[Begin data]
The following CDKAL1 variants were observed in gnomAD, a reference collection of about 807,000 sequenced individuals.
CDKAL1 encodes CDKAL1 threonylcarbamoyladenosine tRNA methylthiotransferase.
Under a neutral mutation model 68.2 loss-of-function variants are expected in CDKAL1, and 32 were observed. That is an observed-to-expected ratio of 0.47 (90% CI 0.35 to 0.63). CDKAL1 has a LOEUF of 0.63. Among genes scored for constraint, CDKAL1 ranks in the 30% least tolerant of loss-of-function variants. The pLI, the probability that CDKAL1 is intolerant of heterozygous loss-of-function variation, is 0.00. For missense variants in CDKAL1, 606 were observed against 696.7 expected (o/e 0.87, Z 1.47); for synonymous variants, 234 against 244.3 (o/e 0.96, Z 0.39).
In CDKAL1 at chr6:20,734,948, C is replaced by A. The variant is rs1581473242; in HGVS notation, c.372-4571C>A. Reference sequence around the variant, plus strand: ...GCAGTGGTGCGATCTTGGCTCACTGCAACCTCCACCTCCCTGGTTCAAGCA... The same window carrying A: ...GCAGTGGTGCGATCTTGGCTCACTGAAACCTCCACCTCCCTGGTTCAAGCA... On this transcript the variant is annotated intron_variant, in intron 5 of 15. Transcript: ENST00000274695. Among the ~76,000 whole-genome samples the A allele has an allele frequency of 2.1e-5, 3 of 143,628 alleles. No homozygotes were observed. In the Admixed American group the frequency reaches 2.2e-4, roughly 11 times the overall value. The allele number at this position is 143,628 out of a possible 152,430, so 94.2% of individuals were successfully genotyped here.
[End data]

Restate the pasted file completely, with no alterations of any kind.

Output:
The following CDKAL1 variants were observed in gnomAD, a reference collection of about 807,000 sequenced individuals.
CDKAL1 encodes CDKAL1 threonylcarbamoyladenosine tRNA methylthiotransferase.
Under a neutral mutation model 68.2 loss-of-function variants are expected in CDKAL1, and 32 were observed. That is an observed-to-expected ratio of 0.47 (90% CI 0.35 to 0.63). CDKAL1 has a LOEUF of 0.63. Among genes scored for constraint, CDKAL1 ranks in the 30% least tolerant of loss-of-function variants. The pLI, the probability that CDKAL1 is intolerant of heterozygous loss-of-function variation, is 0.00. For missense variants in CDKAL1, 606 were observed against 696.7 expected (o/e 0.87, Z 1.47); for synonymous variants, 234 against 244.3 (o/e 0.96, Z 0.39).
In CDKAL1 at chr6:20,734,948, C is replaced by A. The variant is rs1581473242; in HGVS notation, c.372-4571C>A. Reference sequence around the variant, plus strand: ...GCAGTGGTGCGATCTTGGCTCACTGCAACCTCCACCTCCCTGGTTCAAGCA... The same window carrying A: ...GCAGTGGTGCGATCTTGGCTCACTGAAACCTCCACCTCCCTGGTTCAAGCA... On this transcript the variant is annotated intron_variant, in intron 5 of 15. Transcript: ENST00000274695. Among the ~76,000 whole-genome samples the A allele has an allele frequency of 2.1e-5, 3 of 143,628 alleles. No homozygotes were observed. In the Admixed American group the frequency reaches 2.2e-4, roughly 11 times the overall value. The allele number at this position is 143,628 out of a possible 152,430, so 94.2% of individuals were successfully genotyped here.